I’ve seen the Radbaz and one of the 19th century letters. For the rest, I am relying on other people’s articles citing these sources.


    Benignuman: If a heretofore unknown group living in a remote African jungle came out and related to us their oral tradition, which they say they’ve passed down generation by generation for the last 2000 years, that they’re Jews who moved to Africa at the time of the Churban, would you accept their word and accept them as Jews/safek Jews?

    What evidence and documentation exists *after* the Radbaz and Eldad HaDani until 100 years ago that connects the current group calling itself Beta Israel to the people the Radbaz or Eldad HaDani speak of?


    > some secular Jews that visited them in the late 19th and early 20th centuries

    I recall reading that when someone who visited them did not keep shabbat, they questioned his Jewishness.



    You are just ignoring the evidence you don’t like. They are not “heretofore uknown” (unlike the Lamba), they were known to the broader Jewish community from the Radbaz, Benjamin of Tudela, and Eldad HaDani. (And it was known that there was an a Jewish community in Kush from Tanach). Additionally, there are numerous references to them in Muslim and, especially Christian sources. They had wars, over hundreds of years, with their Christian neighbors. This is isn’t just some oral tradition that doesn’t match up with other evidence. It is an oral tradition that fits in with the rest of the documentation we have.

    We have a letter that was sent by a leader of the Beta Israel in 1850 (or so), in Hebrew, to Jerusalem asking for help to emigrate to E”Y. That’s 170 years ago.



    a) What evidential proof exists that the people spoken of by the Radbaz, Benjamin of Tudela, and Eldad HaDani are the same people today calling themselves Beta Israel?

    b) What references do the Islamic and Christian sources you speak of say of of the Beta Israel, what dates are these Islamic and Christian documents and by what name do they reference the Beta Israel?

    c) Where can the 1850 correspondence you reference be located and read, and what is the evidence of was written by the same group today calling themselves Beta Israel?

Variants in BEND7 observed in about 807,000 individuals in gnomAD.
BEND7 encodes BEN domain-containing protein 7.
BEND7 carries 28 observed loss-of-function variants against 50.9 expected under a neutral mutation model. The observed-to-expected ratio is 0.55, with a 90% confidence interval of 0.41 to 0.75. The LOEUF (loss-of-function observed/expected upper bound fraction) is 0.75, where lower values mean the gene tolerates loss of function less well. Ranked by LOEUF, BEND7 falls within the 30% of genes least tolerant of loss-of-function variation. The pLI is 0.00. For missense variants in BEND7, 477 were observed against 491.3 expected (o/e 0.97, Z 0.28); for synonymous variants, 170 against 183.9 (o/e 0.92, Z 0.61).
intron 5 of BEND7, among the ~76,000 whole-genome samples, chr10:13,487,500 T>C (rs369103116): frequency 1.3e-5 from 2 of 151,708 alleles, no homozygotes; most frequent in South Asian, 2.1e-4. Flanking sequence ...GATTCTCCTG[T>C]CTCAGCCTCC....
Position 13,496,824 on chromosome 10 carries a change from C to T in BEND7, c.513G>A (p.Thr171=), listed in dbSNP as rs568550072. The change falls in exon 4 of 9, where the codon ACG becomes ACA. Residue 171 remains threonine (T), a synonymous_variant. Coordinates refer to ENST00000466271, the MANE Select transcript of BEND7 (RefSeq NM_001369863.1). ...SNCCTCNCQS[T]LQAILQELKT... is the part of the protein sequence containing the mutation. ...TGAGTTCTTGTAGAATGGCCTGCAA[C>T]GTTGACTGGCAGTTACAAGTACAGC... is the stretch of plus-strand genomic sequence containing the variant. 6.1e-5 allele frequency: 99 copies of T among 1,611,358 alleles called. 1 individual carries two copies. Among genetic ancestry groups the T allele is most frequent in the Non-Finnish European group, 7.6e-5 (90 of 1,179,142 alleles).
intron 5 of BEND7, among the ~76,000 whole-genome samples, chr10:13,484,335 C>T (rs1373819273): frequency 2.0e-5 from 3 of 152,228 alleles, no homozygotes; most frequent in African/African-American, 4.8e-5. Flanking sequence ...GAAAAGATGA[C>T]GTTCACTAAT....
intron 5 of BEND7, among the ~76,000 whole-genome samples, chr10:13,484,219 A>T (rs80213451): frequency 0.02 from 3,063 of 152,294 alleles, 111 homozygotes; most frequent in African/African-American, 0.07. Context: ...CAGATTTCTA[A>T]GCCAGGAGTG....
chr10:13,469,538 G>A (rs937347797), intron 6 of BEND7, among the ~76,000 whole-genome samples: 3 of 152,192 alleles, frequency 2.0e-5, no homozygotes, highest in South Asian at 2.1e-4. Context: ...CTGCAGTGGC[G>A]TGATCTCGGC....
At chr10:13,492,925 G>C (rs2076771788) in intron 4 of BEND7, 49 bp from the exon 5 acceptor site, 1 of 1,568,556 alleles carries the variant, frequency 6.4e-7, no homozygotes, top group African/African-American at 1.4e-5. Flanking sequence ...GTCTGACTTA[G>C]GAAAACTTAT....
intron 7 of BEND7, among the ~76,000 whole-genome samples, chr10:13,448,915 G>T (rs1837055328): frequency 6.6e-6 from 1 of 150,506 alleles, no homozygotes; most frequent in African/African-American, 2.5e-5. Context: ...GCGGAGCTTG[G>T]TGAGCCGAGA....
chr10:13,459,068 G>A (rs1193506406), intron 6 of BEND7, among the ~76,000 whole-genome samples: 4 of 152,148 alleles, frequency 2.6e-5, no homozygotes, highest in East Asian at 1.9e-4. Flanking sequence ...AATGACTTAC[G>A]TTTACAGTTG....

At this point, it’s not worth it to argue anything with ujm. Like I said earlier in this thread, he is nothing more than an extremely bigoted, racist, disrespectful person. His opinions should be completely ignored, just like those of the various Neturei Karta trolls who show up every so often to yell “Gevalt” about the existence of the State of Israel.


    > are the same people today calling themselves Beta Israel?

    seems like grasping for straw instrad of admitting someone has a better argument. Are you saying several Jewish communities existed in Ethiopia and one disappeared? Get yourself an Occam razor.


    AAQ: I said earlier that throughout history, from ancient times until today, there have always been groups that falsely claimed to be Jewish. There have been real Jewish communities in various parts of the world where they no longer exist. Some places had ancient communities that left long ago and some had communities that lasted much longer but nevertheless left the region in more recent centuries. This is all well documented and uncontroversial.

    That there was, at some point in history a Jewish community living in Ethiopia, hundreds of years ago seems very plausible if even likely, yet something of a question that still was raised with a question mark that resulted in various opinions by the rabbinic establishment over more recent centuries.